We Lost the Election, but not our Values

Editor’s note: This article was initially published in The Daily Gazette, Swarthmore’s online, daily newspaper founded in Fall 1996. As of Fall 2018, the DG has merged with The Phoenix. See the about page to read more about the DG.

I think I speak not only for us Swatties, but for a lot of people out there when I say that I’m in shock. Every model, the Huffington Post’s, FiveThirtyEight’s, all of them, said Hillary Clinton would be our next president. I’m in disbelief. After perhaps the most divisive campaign in modern history, we’ve produced a president-elect who is endorsed by the KKK. We’ve produced a president-elect who brags about sexually assaulting women. We’ve produced a president-elect who has discounted and degraded those at the margins to gain popularity. And I’m scared. For myself, and for my fellow people of color, for women, the disabled, Muslims, and immigrants. I’m scared for all of us.

While many of us are feeling a whole range of emotions right now, I hope this piece can offer us a bit of catharsis. It’s very easy right now to point the finger and assign blame. Blame rural, white America for putting this man in charge. Blame the DNC for nominating perhaps the only candidate who could have lost to him. Blame the Clinton campaign for not focusing enough on Wisconsin and Michigan. Blame third-party supporters for handing the election to Trump. We can certainly play the blame game right now, and maybe that’s justified. Because we’re angry. We’re upset. But most of all, we’re terrified. We’re terrified about what Donald Trump is going to do to this country, and what his supporters are going to do to us. Already stories have come out about  black students being called the N-word, vandalism of mosques and a black athlete’s car, and men thinking they can get away with sexual assault. So if someone tells us to calm down or move on, hell no we won’t. Our very livelihoods are at stake.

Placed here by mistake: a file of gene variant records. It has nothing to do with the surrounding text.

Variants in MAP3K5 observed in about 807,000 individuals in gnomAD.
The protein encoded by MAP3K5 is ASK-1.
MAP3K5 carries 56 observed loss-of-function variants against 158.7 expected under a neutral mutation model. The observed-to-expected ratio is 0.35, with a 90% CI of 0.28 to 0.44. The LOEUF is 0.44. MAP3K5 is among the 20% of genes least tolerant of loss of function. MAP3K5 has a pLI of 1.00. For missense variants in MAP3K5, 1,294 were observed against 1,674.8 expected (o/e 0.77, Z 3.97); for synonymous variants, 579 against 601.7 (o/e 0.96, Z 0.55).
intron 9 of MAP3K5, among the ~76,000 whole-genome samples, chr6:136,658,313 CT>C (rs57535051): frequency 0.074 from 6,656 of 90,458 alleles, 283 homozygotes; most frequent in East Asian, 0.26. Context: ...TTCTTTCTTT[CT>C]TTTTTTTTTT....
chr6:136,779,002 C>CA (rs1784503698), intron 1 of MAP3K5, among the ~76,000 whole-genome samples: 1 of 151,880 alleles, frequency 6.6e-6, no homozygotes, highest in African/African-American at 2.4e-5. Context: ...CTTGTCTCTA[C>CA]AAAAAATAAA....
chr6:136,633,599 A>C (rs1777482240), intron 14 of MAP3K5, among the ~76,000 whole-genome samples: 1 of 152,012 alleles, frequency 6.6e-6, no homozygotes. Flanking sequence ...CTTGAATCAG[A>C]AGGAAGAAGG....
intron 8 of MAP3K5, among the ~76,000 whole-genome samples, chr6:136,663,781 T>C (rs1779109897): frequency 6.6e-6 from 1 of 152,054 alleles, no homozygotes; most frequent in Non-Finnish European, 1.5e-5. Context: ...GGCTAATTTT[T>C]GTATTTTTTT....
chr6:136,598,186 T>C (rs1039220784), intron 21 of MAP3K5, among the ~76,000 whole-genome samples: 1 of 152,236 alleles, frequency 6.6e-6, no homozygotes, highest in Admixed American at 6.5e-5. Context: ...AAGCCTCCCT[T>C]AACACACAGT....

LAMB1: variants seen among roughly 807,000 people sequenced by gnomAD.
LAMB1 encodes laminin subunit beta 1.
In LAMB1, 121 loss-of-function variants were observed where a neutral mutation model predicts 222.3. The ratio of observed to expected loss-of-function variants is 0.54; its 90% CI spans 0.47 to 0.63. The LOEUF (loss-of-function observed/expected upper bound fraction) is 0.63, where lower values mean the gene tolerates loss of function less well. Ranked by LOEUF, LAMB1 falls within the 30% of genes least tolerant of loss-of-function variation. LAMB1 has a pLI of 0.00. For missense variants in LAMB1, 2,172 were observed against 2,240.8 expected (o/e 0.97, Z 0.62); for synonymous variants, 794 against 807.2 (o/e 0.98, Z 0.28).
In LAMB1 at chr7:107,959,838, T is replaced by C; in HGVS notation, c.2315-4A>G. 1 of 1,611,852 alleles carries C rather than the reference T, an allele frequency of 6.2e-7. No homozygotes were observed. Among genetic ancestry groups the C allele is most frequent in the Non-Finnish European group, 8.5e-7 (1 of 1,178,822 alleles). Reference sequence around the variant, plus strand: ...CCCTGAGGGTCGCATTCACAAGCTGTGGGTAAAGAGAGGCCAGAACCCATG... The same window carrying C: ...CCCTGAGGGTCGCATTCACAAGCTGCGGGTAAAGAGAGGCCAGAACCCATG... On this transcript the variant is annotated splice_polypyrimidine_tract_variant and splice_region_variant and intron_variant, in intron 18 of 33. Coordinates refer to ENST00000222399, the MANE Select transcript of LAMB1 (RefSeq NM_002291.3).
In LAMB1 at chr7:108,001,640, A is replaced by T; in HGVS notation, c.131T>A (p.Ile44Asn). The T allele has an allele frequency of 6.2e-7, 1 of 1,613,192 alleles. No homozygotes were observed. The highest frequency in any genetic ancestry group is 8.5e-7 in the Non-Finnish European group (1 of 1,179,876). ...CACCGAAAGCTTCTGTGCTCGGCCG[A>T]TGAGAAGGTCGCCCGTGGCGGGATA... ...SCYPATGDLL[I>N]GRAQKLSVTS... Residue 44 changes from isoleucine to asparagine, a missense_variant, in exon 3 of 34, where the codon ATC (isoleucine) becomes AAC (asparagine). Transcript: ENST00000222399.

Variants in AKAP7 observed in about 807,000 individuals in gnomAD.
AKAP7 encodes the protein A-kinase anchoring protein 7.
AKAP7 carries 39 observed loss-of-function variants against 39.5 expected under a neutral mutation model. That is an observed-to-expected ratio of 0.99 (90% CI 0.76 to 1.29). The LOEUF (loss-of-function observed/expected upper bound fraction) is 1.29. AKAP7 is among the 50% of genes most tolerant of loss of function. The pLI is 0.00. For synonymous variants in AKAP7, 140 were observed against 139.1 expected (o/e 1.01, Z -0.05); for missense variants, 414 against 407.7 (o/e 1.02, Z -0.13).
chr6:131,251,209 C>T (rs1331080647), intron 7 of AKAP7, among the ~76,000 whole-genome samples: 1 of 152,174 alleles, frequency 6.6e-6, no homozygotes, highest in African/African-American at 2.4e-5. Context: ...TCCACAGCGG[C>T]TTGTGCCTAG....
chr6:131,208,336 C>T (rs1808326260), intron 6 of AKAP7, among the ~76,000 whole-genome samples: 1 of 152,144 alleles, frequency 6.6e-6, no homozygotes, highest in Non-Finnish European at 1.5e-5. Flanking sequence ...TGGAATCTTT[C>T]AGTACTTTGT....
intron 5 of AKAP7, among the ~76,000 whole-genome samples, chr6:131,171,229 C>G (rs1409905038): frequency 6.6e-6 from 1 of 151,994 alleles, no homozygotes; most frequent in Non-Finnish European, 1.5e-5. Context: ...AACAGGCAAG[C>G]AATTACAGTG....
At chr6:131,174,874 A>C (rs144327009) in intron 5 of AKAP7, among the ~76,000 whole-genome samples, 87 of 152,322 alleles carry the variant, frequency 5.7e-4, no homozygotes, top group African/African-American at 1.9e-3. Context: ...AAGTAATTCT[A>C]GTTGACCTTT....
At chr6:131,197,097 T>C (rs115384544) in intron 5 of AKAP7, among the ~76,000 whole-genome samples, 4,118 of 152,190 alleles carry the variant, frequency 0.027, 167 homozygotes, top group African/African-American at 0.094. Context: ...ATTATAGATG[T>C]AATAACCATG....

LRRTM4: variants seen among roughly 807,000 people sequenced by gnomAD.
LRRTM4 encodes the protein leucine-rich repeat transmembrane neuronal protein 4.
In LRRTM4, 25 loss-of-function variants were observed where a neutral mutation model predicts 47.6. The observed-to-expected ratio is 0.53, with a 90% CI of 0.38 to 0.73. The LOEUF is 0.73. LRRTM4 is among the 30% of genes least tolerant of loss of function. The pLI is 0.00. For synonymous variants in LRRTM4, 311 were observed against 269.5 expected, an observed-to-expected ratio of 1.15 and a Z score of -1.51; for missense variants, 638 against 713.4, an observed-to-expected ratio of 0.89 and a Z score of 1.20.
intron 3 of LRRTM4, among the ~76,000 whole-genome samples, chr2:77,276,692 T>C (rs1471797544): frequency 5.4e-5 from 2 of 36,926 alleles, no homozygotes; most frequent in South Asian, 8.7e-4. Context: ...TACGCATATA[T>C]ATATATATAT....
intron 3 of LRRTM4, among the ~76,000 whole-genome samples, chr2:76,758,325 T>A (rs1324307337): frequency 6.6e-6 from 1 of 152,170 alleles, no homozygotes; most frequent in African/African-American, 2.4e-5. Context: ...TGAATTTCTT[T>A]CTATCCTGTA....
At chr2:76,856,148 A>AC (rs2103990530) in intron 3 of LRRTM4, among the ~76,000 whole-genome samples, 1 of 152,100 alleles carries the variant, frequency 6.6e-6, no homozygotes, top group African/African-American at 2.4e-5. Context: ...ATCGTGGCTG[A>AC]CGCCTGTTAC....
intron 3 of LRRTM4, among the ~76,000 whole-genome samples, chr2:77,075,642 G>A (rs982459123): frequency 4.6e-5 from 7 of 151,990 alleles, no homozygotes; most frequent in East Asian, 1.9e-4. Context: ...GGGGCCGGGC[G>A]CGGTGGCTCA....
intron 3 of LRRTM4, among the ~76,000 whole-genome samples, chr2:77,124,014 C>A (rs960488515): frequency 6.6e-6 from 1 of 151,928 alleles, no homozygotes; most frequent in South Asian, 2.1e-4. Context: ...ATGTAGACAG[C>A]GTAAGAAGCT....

But in situations like this, it’s easy for us to get caught up in our emotions and lose our perspective. Some have been consumed by anger towards Trump and his supporters, walking through the streets chanting “F**k Donald Trump”. But that’s too easy. It’s too easy for us to just let loose our anger about the result of this election. We can’t do that. We have to channel our anger, our rage. We’re not just anti-Trump, we also stand for something. We stand for equality, for acceptance, for diversity. We stand for an America in which everyone, regardless of race, class, sexual orientation, or anything else, can thrive. We stand for an America that admits its wrongs and is a model for every other country on Earth. But most of all, we stand for a compassionate and loving America, an America that reaches out to those on the margins and holds out a helping hand, an America in which people treat each other with respect. Irrespective of the results of this election, that’s still the America we stand for.

It’s easy for us to feel hopeless in a situation like this. But in these dark times, we have a glimpse of hope. Last night, we elected Catherine Masto, the first Latina senator. We elected Kate Brown, the first openly LGBTQ governor. We elected Kamala Harris, the first black female senator since 1999. We elected Ilhan Omar, the first ever Somali-American lawmaker. Now is our time to unite as a movement not only to resist Trump and his friends in Congress but as a movement to continue standing up and providing a voice for the marginalized, for people of color, for the poor, for women, for the LGBTQ community. We have to march, lobby, and rally like we never have before, because so much is now at stake. Trump and his supporters often talked of “taking back” America. Well, we’re going to fight like hell to make sure that we keep it from him.

Featured image courtesy of History.com

Siddharth Srivatsan

Sid is a sophomore from Ashburn, Virginia (NoVA!) planning on double majoring in Mathematics and Economics. He enjoys backpacking, and DJ’s a radio show on WSRN-FM. You can probably catch him watching Law & Order or reading The Economist.


  1. Thank you so much for this – well said, and worth hanging on to – daily – and we all need to go out and fight for the causes we most believe in.

  2. Lovely article, moderately cathartic. Thank you for taking your time to articulate this point– hope this attitude gains traction elsewhere, too

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